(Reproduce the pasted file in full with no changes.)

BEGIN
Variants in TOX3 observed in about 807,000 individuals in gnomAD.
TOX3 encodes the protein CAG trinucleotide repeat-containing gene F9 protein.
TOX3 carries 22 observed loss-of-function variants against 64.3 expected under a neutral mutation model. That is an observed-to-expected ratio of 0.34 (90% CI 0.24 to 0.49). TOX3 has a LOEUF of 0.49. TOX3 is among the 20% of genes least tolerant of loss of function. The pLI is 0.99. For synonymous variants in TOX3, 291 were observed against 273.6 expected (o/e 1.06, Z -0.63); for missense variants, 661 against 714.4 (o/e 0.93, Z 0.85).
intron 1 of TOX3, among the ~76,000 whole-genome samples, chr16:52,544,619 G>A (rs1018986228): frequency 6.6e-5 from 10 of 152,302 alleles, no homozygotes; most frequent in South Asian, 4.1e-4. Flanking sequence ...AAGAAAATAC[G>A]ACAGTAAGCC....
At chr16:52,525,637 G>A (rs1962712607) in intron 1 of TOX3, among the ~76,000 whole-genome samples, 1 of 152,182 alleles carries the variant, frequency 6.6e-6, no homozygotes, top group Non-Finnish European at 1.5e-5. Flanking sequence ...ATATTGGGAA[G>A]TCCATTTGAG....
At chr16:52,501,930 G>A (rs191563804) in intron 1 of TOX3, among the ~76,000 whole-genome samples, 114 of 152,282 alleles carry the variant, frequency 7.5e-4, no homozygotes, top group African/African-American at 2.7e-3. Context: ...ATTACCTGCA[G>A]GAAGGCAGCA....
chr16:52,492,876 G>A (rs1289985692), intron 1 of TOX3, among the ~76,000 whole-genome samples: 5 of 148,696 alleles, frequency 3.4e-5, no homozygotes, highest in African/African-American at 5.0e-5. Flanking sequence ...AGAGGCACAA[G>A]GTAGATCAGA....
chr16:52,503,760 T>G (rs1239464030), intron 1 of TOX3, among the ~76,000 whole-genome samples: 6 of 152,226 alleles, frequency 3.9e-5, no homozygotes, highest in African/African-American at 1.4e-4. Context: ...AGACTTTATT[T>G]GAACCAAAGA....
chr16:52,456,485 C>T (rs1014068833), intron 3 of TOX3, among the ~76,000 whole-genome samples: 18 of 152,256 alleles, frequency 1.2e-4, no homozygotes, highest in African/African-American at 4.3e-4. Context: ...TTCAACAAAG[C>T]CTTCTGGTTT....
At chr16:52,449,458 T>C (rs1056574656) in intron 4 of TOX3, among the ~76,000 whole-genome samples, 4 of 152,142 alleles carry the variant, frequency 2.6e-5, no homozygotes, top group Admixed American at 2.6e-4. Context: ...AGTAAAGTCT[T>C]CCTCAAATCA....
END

Variants in TOX3 observed in about 807,000 individuals in gnomAD.
TOX3 encodes the protein CAG trinucleotide repeat-containing gene F9 protein.
TOX3 carries 22 observed loss-of-function variants against 64.3 expected under a neutral mutation model. That is an observed-to-expected ratio of 0.34 (90% CI 0.24 to 0.49). TOX3 has a LOEUF of 0.49. TOX3 is among the 20% of genes least tolerant of loss of function. The pLI is 0.99. For synonymous variants in TOX3, 291 were observed against 273.6 expected (o/e 1.06, Z -0.63); for missense variants, 661 against 714.4 (o/e 0.93, Z 0.85).
intron 1 of TOX3, among the ~76,000 whole-genome samples, chr16:52,544,619 G>A (rs1018986228): frequency 6.6e-5 from 10 of 152,302 alleles, no homozygotes; most frequent in South Asian, 4.1e-4. Flanking sequence ...AAGAAAATAC[G>A]ACAGTAAGCC....
At chr16:52,525,637 G>A (rs1962712607) in intron 1 of TOX3, among the ~76,000 whole-genome samples, 1 of 152,182 alleles carries the variant, frequency 6.6e-6, no homozygotes, top group Non-Finnish European at 1.5e-5. Flanking sequence ...ATATTGGGAA[G>A]TCCATTTGAG....
At chr16:52,501,930 G>A (rs191563804) in intron 1 of TOX3, among the ~76,000 whole-genome samples, 114 of 152,282 alleles carry the variant, frequency 7.5e-4, no homozygotes, top group African/African-American at 2.7e-3. Context: ...ATTACCTGCA[G>A]GAAGGCAGCA....
chr16:52,492,876 G>A (rs1289985692), intron 1 of TOX3, among the ~76,000 whole-genome samples: 5 of 148,696 alleles, frequency 3.4e-5, no homozygotes, highest in African/African-American at 5.0e-5. Flanking sequence ...AGAGGCACAA[G>A]GTAGATCAGA....
chr16:52,503,760 T>G (rs1239464030), intron 1 of TOX3, among the ~76,000 whole-genome samples: 6 of 152,226 alleles, frequency 3.9e-5, no homozygotes, highest in African/African-American at 1.4e-4. Context: ...AGACTTTATT[T>G]GAACCAAAGA....
chr16:52,456,485 C>T (rs1014068833), intron 3 of TOX3, among the ~76,000 whole-genome samples: 18 of 152,256 alleles, frequency 1.2e-4, no homozygotes, highest in African/African-American at 4.3e-4. Context: ...TTCAACAAAG[C>T]CTTCTGGTTT....
At chr16:52,449,458 T>C (rs1056574656) in intron 4 of TOX3, among the ~76,000 whole-genome samples, 4 of 152,142 alleles carry the variant, frequency 2.6e-5, no homozygotes, top group Admixed American at 2.6e-4. Context: ...AGTAAAGTCT[T>C]CCTCAAATCA....